A diagnosis is not made on the basis of a parathyroid scan alone. Instead, information from other diagnostic tests is combined with information about symptoms, health history , physical examination, and risk factors, to make an accurate diagnosis. However, a parathyroid scan can provide extremely valuable information about the presence of a problem and its location.

A normal parathyroid scan shows the same amount of the radioactive tracer being absorbed in all areas of the parathyroid. An abnormal scan, in contrast, shows that one or more areas of the parathyroid are absorbing abnormally large amounts of the tracer. This indicates increased levels of parathyroid activity in that location which may be caused by a tumor.

Caregiver concerns

A doctor determines the need for a parathyroid scan. The doctor, a nurse, or a nuclear medicine specialist explains the proceedure to the patient and answers any questions or concerns about the proceedure that the patient may have. A nurse gives the injection of the radioactive tracer. A nuclear medicine technician or nuclear medicine technologist performs the scan. The images that result from the scan are then interpreted by a radiologist or a doctor specializing in nuclear medicine. The results are then communicated to the doctor who ordered the scan who then informs the patient of the results and determines which if any additional diagnostic tests or treatments are necessary.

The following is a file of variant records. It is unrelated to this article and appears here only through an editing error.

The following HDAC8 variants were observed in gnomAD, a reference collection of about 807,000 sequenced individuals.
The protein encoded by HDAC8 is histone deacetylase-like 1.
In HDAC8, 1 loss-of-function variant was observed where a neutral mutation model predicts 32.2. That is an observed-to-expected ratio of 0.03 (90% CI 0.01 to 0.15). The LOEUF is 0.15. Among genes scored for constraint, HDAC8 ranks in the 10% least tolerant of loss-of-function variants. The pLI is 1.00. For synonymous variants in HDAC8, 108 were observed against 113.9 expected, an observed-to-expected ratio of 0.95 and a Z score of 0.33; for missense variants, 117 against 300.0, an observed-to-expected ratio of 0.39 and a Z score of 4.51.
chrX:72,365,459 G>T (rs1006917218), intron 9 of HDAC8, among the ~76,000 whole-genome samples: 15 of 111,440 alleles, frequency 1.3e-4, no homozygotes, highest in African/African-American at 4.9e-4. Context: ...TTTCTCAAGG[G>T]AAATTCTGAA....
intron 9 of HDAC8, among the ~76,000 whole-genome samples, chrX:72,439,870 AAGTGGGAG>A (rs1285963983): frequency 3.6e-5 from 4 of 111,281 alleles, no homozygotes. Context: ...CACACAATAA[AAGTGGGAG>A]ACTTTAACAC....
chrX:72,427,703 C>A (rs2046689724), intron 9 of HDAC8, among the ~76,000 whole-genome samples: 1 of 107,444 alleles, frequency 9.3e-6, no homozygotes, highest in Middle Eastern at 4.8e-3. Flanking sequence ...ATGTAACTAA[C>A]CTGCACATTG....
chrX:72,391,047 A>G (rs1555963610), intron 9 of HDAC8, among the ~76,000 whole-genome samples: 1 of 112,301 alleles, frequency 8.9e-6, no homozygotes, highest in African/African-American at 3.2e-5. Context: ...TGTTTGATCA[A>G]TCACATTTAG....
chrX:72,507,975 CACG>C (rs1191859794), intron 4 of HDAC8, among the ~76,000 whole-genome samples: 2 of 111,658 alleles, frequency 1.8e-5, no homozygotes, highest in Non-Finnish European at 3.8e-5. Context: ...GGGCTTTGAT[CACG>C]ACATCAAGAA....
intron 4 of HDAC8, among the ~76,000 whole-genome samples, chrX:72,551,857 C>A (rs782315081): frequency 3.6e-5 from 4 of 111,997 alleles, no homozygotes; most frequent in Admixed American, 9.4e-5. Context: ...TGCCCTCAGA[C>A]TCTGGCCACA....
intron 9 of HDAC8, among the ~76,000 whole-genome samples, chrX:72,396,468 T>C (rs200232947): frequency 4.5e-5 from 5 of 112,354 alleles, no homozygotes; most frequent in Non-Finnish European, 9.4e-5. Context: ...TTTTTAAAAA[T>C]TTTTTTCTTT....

Brant, William E. and Clyde A. Helms. Fundamentals of Diagnostic Radiology, 3rd Ed. Philadelphia: Lippincott, Williams & Wilkins, 2007.

Naveh-Many, Tally, ed. Molecular Biology of the Parathyroid. New York: Kluwer Academic/Plenum, 2005.

Shannon, Joyce Brennfleck. Endocrine and Metabolic Disorders Sourcebook, 2nd Ed. Detroit, MI: Omnigraphics, 2007.


“Recent Advances in Thyroid Cancer.” Current Problems in Surgery 45.3 (March 2008): p.156–251.

Demir, Hakan, Metin Halac, Gozde D. Gorur, Kerim Sonmezoglu and Ilhami Uslu. “FDG PET/CT Findings in Primary Hyperparathyroidism Mimicking Multiple Bone Metastases.” European Journal of Nuclear Medicine and Molecular Imaging 35.3 (March 2008): 686–687.


Radiological Society of North America, 820 Jorie Blvd, Oak Brook, IL, 60523-2251, 800-381-6660,

Robert Bockstiegel